C+S March 2021 Vol. 7 Issue 3 (web)

jacent critical infrastructure were some of the many challenges faced by GHD. In order to access the launch and retrieval shafts, a number of tem- porary roads and bridges had to be built. The shaft locations were constructed of crushed stone, filter fabric, and cellular web product to account for soils with low bearing pressure. In addition, these materi- als would help ensure storage volumes for flood events within the watershed were maintained. It was initially estimated the project would take more than four years from start to finish if tunnelling operated withinYork Region’s standard construction hours of 7 am to 7 pm with the use of a single machine. A number of accommodations – from carefully placed shielded lights, sound walls, and silenced generators, to restricted nighttime deliver- ies to and from tunnelling shafts – resulted in favorable community sentiment and support for the project. This eventually led to construc- tion being allowed to take place 24 hours a day, six days a week, with multiple tunnelling machines. As a result, the project was completed in just over one year. Details as the Baseline for Quality Careful consideration was given to the design of the tunnel’s align- ment. The appropriate tunnel easement width and horizontal curves were selected to allow the use of precast tunnel segment without the need for hydraulic joints. Vertical curves were selected in certain areas to promote clearance to existing natural water bodies and minimize the depth of shaft construction. Curve radii, while employed within the design, were kept to a minimum deflection angle to maximize forward thrust from the jacking frame hydraulic cylinders. Hydraulic pressure within the jacking frame was monitored continuously, as was the sam- pling of the soil to ensure consistency with the geotechnical condition stated within the geotechnical baseline report. Utilizing the latest technology, the microtunnelling machine was operated in a manner that allowed for the monitoring of continuous face pressure. This meant the earth could be excavated in a controlled manner, minimizing face loss and settlement to the utilities beside and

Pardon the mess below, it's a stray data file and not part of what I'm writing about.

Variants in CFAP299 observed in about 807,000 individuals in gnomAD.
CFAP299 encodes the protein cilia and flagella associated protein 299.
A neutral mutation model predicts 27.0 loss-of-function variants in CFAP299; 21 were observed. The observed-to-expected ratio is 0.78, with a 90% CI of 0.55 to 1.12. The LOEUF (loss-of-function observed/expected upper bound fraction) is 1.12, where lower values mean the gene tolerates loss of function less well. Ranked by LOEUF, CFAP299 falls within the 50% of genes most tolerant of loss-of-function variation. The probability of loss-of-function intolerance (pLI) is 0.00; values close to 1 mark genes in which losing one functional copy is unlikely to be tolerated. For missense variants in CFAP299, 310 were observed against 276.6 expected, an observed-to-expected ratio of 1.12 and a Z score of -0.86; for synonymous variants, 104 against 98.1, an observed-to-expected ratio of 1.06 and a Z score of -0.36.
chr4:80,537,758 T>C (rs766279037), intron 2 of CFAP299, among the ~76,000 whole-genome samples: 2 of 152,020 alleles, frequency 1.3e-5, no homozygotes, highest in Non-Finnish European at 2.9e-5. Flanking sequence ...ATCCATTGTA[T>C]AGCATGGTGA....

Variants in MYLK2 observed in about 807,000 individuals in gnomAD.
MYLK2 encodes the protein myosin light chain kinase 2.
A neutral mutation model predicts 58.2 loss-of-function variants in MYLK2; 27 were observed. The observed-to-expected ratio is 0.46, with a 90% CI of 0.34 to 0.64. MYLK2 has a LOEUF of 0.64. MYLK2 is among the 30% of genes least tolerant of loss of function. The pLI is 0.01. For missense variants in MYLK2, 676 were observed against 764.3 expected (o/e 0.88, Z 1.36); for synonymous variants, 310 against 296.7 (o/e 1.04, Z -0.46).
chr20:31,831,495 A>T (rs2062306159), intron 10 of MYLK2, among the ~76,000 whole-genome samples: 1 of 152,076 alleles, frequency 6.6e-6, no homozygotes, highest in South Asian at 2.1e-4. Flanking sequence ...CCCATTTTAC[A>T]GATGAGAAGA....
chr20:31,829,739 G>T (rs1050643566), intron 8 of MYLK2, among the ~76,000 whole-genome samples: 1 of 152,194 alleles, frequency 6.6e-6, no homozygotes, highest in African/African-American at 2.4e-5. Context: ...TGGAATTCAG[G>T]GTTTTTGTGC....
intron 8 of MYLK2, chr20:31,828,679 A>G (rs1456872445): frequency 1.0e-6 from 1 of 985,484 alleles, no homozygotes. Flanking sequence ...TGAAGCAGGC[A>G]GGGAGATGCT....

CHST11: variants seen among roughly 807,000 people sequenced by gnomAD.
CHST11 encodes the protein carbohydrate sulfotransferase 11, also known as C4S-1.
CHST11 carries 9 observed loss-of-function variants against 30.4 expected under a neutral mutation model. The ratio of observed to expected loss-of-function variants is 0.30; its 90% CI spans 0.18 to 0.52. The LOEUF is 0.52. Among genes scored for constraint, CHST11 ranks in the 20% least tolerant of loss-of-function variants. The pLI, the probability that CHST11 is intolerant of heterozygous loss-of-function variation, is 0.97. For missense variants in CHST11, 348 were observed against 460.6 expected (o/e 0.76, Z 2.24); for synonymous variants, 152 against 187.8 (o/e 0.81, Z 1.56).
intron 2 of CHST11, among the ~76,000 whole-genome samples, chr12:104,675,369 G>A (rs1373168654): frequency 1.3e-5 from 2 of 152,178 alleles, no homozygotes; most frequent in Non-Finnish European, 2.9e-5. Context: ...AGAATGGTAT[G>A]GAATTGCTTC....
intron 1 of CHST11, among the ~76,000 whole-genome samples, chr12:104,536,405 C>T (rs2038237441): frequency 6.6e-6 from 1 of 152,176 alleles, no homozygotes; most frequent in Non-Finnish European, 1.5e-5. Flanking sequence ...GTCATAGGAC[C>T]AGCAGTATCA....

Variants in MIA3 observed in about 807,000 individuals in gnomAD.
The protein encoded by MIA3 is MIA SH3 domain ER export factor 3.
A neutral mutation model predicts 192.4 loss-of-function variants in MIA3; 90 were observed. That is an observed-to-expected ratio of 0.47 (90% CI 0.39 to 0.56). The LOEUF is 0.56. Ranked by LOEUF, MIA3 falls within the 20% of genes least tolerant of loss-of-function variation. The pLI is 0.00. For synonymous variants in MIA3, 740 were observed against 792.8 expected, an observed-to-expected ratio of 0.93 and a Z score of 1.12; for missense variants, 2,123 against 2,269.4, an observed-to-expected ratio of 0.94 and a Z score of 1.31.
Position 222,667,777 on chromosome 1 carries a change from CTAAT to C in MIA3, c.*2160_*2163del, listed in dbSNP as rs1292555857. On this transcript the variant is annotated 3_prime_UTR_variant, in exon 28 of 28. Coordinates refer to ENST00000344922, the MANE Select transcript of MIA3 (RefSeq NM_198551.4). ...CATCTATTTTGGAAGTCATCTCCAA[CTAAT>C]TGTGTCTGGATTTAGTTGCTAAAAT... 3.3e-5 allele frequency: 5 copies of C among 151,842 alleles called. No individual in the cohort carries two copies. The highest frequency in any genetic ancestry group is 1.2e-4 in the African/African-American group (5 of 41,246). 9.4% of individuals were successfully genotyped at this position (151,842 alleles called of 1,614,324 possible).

ers, town staff, Indigenous Peoples, and the general public was imple- mented to ensure all residents were aware of times when their travel would be impacted. The stakeholder program was also used to com- municate the measures being taken to mitigate the impact on the area’s various water crossings and local conservation lands such as Fairy Lake and Bailey Ecological Park, a 10-hectare bird and animal sanctuary. Project Legacy Having a new forcemain in place allows York Region, for the first time in over 40 years, to inspect and maintain the original forcemain when repairs are needed. This fast-paced project included the successful construction of two of the longest curved microtunnel drives in North America, measur- ing 820 m and 1,132 m in length respectively. In less than a year, the project team successfully completed all eight micro-tunnelling drives, including installation of carrier pipe and construction of chambers. Complexity and Challenges The proximity to conservation land, numerous water bodies, and ad-


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